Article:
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Australia crumbles in house price Ashes, as Birmingham and Manchester prove big hitters for England

Research by national fast sale agent, Springbok Properties, has shed light on the change in house prices in England and Australia since the Ashes rivals’ last series.

Springbok looked at data from eight cities in each country, discovering that England has seen considerably more success since the last Ashes in December 2017 when it comes to house prices.

Manchester and Birmingham have been England’s big hitters in that time, with the former seeing a house price growth of 5.61% – increasing from an average of £172,720 to £182,417 – while the latter has experienced a 5.52% growth, from £178,248 to £188,079.

Sheffield follows with a house price increase of 3.25%, ahead of Leeds’ growth of 2.96% and Bristol’s 2.53% since the last Ashes series.

England’s middle-order is followed by the night watchmen of London, Liverpool, and Bradford, who have suffered somewhat in comparison to their teammates. London has experienced the biggest dip since December 2017, with house price growth at -4.06%, while Liverpool’s -1.11% and Bradford’s -0.70% round out the list.

However, despite the tail end collapse, such price decreases are much more common for Australia, with Sydney’s growth at -12.48%, from $1,179,519 (Australian dollars) to $1,032,338, while Darwin and Melbourne have experienced similar collapses.

Darwin’s growth since the last Ashes clash is -11.17%, while Melbourne follows with -9.47%, and Perth and Canberra have also struggled to make an impact for Australia, the former experiencing growth of -5.27% and the latter at -1.54%.

There are some positives down under, however, as Brisbane has seen a house price growth of 1.87% since December 2017, while Adelaide has seen an increase of 3.38%.

Hobart has picked up the most runs for the Aussies, with solid growth of 6.97% since the last Ashes series, as the average house price has risen from $443,521 to $474,423.

Still, a comfortable victory for England with an average growth of 1.75% across the eight cities in question, compared to Australia’s -3.46%.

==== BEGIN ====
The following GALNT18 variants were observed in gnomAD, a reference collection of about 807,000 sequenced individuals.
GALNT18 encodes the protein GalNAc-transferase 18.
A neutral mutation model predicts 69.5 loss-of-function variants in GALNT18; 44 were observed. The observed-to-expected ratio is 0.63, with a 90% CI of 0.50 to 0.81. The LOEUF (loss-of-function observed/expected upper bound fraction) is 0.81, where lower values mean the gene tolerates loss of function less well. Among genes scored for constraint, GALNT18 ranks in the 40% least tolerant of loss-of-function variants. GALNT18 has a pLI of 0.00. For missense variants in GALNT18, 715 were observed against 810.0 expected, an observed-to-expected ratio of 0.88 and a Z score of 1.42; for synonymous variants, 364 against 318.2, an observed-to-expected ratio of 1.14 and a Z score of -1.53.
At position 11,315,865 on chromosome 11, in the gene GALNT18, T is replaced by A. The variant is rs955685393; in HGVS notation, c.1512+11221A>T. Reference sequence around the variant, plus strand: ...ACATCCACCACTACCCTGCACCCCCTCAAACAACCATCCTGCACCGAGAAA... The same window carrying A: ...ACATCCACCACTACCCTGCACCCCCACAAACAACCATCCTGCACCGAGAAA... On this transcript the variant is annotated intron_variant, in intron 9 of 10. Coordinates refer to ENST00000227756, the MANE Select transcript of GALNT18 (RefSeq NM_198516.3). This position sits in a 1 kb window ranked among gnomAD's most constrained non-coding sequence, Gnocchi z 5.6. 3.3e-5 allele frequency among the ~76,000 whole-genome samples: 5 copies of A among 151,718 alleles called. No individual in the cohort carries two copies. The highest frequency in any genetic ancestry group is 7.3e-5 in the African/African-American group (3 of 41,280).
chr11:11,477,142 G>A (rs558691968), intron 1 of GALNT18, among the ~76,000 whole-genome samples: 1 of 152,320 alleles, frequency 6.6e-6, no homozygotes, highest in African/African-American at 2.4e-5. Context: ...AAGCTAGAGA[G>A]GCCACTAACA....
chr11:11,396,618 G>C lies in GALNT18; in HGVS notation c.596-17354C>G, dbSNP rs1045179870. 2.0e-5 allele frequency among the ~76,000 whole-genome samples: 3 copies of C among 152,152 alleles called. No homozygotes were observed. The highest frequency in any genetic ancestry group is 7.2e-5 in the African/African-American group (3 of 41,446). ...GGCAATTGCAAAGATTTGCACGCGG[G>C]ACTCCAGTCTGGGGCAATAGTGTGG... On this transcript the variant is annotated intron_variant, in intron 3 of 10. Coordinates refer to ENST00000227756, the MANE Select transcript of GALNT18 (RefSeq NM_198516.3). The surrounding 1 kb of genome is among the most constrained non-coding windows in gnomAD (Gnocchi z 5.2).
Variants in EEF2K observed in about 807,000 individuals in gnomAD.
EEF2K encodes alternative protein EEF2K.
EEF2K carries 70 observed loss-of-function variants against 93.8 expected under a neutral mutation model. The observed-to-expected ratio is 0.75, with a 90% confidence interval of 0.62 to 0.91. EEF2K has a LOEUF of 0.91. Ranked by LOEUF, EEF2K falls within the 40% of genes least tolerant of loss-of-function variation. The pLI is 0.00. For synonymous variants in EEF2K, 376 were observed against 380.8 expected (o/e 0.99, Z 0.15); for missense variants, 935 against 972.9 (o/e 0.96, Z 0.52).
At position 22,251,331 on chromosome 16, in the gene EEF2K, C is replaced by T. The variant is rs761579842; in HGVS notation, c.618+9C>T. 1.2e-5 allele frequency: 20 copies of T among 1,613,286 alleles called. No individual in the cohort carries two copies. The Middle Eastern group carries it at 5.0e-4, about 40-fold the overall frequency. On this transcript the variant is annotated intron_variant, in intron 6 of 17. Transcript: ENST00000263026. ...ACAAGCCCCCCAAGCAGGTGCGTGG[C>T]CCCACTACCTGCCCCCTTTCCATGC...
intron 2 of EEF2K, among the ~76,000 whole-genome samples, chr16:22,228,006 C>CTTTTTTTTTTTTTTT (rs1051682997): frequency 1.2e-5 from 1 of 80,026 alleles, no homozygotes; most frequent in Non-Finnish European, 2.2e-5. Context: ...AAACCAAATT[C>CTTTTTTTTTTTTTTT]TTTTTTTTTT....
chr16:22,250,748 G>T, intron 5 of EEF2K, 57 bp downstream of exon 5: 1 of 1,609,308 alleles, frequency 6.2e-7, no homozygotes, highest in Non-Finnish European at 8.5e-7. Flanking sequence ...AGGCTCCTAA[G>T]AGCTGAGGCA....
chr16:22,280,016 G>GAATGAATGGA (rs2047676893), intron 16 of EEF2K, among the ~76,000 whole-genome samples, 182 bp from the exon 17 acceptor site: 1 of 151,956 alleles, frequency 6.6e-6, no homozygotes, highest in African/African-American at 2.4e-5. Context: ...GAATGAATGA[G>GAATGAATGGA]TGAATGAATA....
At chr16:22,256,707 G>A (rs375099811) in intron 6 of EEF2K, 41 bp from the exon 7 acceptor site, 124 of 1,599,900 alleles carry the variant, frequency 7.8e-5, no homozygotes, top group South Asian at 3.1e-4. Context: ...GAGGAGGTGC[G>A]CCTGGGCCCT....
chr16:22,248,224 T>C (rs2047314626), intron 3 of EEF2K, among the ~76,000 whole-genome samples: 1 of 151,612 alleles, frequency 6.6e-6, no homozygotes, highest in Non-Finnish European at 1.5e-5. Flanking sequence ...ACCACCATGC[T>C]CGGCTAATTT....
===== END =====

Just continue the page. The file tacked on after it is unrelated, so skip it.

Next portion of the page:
Founder and CEO of Springbok Properties, Shepherd Ncube, commented:

“We can only hope that these numbers foreshadow a turn around in form in the actual Ashes and that England’s rather disappointing performance in the first test is nothing more than a world cup hangover.

One thing is for sure, England certainly takes the title when it comes to both the best performances for house price growth and general affordability across a number of major cities. While we continue to talk about the Brexit-based market downturn led largely by a declining London market, it could be worse and homeowners in the capital are still better off than their counterparts in the likes of Sydney, Melbourne, Perth or Darwin.

That said, new building approvals in Australia hit a six-year low this week, meaning the risk of oversupply is down considerably, and house prices could soon rise in Melbourne and Sydney especially as demand starts to outstrip the stock available.”

England
City
AveHP (Dec 2017)
AveHP now (latest data May 2019)
Change / growth (2017-2019)
London
£476,848
£457,471
-4.06%
Birmingham
£178,248
£188,079
5.52%
Leeds
£177,575
£182,832
2.96%
Sheffield
£156,945
£162,049
3.25%
Bradford
£135,491
£134,548
-0.70%
Liverpool
£127,877
£126,458
-1.11%
Manchester
£172,720
£182,417
5.61%
Bristol
£274,797
£281,758
2.53%
Cities Average
£212,563
£214,452
1.75%

 

Australia
City
AveHP (Dec 2017)
AveHP now (latest data May 2019)
Change / growth (2017-2019)
Sydney
$1,179,519
$1,032,338
-12.48%
Melbourne
$903,859
$818,237
-9.47%
Brisbane
$548,918
$559,167
1.87%
Adelaide
$522,815
$540,473
3.38%
Perth
$557,567
$528,186
-5.27%
Hobart
$443,521
$474,423
6.97%
Canberra
$753,516
$741,947
-1.54%
Darwin
$565,696
$502,521
-11.17%
Cities Average
$684,426
$649,662
-3.46%

 

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